St. Valentine was shot to death with arrows. It was very painful. As I don't expect to be the recipient of any flowers, cards or candy on February 14, the "arrow through the heart" symbol of romance seems particularly ironic in light of the method of the titular saint's martyrdom. At least it's not "St. Joan of Arc Day"--then the heart diagram would show it being burned thrice and sprinkled with chemicals (according to Catholic legend, Joan's heart was impervious to the flames which killed her, and required special effort to destroy it entirely). I still wish I'd get flowers, though!

Saturday, February 10, 2007

The Two Elizabeths

I've seen two movies about female British monarchs lately--Elizabeth, with Cate Blanchette as the first reigning queen of that name, and The Queen, featuring Helen Mirren as the second. I enjoyed both. The second had fewer ahistorical hystrionic moments (one would wish for a bit of that legendary British restraint when a director proposes a--possibly mythical--liaison between queen and courtier, but we were instead treated to all the graphic details), but both proposed novel ways of looking at the inmates of that peculiar institution.

Just as Russia's Catherine the Great adopted and adapted preexisting symbols from classical antiquity and Russian history to create a popular image for herself at home and abroad--she was at once the caring "mother" to the Russian people, Athena (goddess of wisdom and war), an Orthodox saint and a perceptive Renaissance salonniste--so, the director of Elizabeth would have us believe, did England's queen coopt the Mariology that threatened to split her realm into warring religious factions, and become image of the Holy Virgin around whom all her subjects could rally.

The Queen also delves into the nature and strength of the public image of the monarch, who in this case (the occasion being the accession of Tony Blair to the prime ministership and the successive death of Princess Diana) clings to the past models for proper behavior to the possible detriment of the entire popular legitimacy and continuity of the crown itself. Queen Elizabeth I had her deliberate protector and advisor in the person of Walsingham, head of her security and secret service; here the protector and advisor is, ironically, Labor leader Tony Blair, whose party and partner in life all rail against the outdated, insular aristocracy. The young "revolutionary" PM and the old "reactionary" Queen embark on a personal battle of wills over the proper, or rather necessary, governmental reaction to the demise of the "People's Princess" (Blair's description), and come to a sort of mutual sympathy in their understanding of how the necessary political action intersects with the mercurial temperment of the madding crowd. In my opinion, Her Majesty came off far better, in the end, than did that blond beauty whose life and death did so much to disturb her equinimity. One wonders if others, particularly in Britain, have seen it that way, ten years after the events portrayed on film.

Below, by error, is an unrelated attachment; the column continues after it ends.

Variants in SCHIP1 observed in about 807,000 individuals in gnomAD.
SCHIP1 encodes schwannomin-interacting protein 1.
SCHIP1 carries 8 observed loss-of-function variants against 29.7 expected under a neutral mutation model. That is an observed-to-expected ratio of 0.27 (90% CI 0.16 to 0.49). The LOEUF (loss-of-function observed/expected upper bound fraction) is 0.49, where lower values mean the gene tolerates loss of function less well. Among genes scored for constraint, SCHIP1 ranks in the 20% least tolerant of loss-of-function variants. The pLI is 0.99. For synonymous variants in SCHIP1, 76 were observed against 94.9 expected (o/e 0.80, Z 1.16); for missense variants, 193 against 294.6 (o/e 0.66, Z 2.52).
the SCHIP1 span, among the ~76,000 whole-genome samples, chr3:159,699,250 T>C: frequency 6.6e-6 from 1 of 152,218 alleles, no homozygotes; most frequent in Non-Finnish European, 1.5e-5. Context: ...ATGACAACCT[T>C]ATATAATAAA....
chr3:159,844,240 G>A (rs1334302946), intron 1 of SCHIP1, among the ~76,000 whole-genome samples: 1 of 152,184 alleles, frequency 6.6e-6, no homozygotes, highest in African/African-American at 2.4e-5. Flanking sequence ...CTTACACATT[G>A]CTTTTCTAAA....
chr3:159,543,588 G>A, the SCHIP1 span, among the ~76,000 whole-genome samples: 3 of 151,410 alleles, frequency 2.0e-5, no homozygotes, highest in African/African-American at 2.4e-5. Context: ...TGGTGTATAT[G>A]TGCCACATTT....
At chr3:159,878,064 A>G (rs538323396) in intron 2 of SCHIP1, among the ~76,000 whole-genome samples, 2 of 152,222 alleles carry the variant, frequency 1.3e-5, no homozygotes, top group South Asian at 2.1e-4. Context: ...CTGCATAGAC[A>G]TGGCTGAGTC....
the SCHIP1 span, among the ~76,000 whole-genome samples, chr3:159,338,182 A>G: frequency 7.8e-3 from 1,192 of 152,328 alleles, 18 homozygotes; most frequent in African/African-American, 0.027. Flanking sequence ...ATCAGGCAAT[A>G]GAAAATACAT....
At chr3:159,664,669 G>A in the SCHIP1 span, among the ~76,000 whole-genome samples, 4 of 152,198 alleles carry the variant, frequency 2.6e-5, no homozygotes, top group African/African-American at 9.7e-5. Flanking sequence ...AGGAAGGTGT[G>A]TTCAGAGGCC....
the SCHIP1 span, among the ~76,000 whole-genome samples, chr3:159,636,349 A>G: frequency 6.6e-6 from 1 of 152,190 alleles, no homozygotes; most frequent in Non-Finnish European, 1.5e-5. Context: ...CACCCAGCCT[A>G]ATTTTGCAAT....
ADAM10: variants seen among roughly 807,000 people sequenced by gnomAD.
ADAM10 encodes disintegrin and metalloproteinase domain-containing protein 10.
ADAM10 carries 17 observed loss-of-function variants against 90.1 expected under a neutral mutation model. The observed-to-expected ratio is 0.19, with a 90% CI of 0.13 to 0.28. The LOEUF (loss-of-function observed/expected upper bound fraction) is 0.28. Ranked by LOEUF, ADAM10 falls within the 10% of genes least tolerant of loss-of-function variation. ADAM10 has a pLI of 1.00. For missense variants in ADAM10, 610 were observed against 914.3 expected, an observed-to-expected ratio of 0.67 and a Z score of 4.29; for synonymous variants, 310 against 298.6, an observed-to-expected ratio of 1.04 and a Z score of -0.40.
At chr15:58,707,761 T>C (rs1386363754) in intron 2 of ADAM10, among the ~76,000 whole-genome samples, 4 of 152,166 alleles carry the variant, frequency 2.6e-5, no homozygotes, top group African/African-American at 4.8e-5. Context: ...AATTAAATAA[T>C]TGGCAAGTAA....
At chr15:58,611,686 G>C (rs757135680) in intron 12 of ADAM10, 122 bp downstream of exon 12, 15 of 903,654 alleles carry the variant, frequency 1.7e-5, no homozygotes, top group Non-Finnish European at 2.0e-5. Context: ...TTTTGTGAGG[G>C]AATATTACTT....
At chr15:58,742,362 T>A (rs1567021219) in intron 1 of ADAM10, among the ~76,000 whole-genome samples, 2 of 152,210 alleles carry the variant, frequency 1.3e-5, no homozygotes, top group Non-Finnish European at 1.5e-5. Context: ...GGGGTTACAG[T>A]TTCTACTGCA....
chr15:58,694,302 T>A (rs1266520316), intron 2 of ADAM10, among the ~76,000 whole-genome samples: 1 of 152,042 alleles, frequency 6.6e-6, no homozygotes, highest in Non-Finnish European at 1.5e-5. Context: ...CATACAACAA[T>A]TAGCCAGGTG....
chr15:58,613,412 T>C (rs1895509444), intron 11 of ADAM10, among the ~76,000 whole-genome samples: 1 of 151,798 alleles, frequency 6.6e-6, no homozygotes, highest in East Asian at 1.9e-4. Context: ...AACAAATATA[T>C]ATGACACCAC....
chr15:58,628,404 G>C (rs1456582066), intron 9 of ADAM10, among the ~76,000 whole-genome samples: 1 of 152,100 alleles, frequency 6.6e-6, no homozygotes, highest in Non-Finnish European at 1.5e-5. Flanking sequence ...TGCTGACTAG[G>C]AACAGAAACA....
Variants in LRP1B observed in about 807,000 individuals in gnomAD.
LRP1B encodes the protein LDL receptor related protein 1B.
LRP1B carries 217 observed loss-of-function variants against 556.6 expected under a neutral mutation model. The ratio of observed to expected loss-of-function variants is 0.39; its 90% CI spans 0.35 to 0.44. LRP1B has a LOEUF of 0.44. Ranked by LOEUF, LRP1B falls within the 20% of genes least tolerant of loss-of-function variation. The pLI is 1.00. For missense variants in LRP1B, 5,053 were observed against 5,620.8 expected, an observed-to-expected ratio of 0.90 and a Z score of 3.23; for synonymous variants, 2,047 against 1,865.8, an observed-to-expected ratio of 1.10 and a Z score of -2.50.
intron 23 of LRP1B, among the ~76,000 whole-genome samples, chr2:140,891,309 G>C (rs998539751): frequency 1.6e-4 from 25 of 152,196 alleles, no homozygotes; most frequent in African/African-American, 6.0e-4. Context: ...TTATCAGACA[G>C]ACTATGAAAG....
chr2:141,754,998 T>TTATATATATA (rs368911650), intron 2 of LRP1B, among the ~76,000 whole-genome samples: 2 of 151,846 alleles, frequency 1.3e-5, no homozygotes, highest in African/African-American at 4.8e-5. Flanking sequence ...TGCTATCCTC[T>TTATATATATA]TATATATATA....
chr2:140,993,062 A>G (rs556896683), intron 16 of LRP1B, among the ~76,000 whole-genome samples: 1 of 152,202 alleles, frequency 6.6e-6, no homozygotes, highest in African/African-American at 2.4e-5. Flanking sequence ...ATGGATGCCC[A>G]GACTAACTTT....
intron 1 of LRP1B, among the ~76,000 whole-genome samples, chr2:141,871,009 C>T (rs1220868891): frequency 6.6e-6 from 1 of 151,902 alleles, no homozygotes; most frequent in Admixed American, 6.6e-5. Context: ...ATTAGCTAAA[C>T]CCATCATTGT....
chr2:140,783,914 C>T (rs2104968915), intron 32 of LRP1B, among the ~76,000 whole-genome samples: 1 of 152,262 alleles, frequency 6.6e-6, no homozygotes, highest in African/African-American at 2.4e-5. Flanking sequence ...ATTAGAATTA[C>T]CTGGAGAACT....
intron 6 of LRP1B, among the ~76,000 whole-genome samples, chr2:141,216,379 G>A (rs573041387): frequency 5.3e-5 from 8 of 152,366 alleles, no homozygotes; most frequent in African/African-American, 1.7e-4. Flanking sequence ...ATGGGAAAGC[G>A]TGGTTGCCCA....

Wednesday, February 07, 2007

No Mon', No Hon', No Fun

Didn't get the grant. Drat.

Need a hug, but the VBHIK is dating someone else. Drat.

Comps reading is proceeding slo-o-o-owly. Drat.

Tuesday, February 06, 2007

Fur and Information

I have a large, no, very large, well, gargantuan fox fur hat I bought in Russia twelve years ago. It's beautiful, but its sheer volume makes it almost ridiculous when worn. I usually just display it, or occasionally carry it around the house in the wintertime, because it's so soft and warm, like a muff. Today I wore it to school. It more than proved its worth during the cold trek. I was toasty. Shortly after I arrived, my major professor, a famous Russianist, came in wearing his own Russian hat. It was homesewn of the hide of a Siberian wolf which a bartender in St. Petersburg had hunted down almost thirty years ago and presented to my mentor as a gift. My hat seems almost prosaic by comparison, size or no.

Today was supposed to be the day that the names of those who won the Washington Area Universities Consortium research grants were to be posted. I have yet to hear anything one way or the other, despite several emails to the woman who manages the program. This will determine whether I go to Russia in March or not. If so, more cold weather gear will definitely be needed!

Monday, February 05, 2007

Cold and Colors

According to the National Oceanic and Atmospheric Association, it was seventeen degrees Fahrenheit, with wind gusts of up to twenty miles per hour, when I crossed the Potomac this morning. Prior to coming out of the shelter of the wall-bordered bike path on the Virginia side, I clamped my cell phone to my leeward ear and called my mother to tell her that if the frozen babushka-bundled body of a woman was found in the middle of the Key Bridge, she would know it was me. About half way across, my left eyebrow started aching so severely from the cold that I had to clamp my gloved hand over the exposed windward side of my face, though my head and shoulders were swathed in a Russian wool scarf. I need another piece of Russian-weather-gear, a balaclava.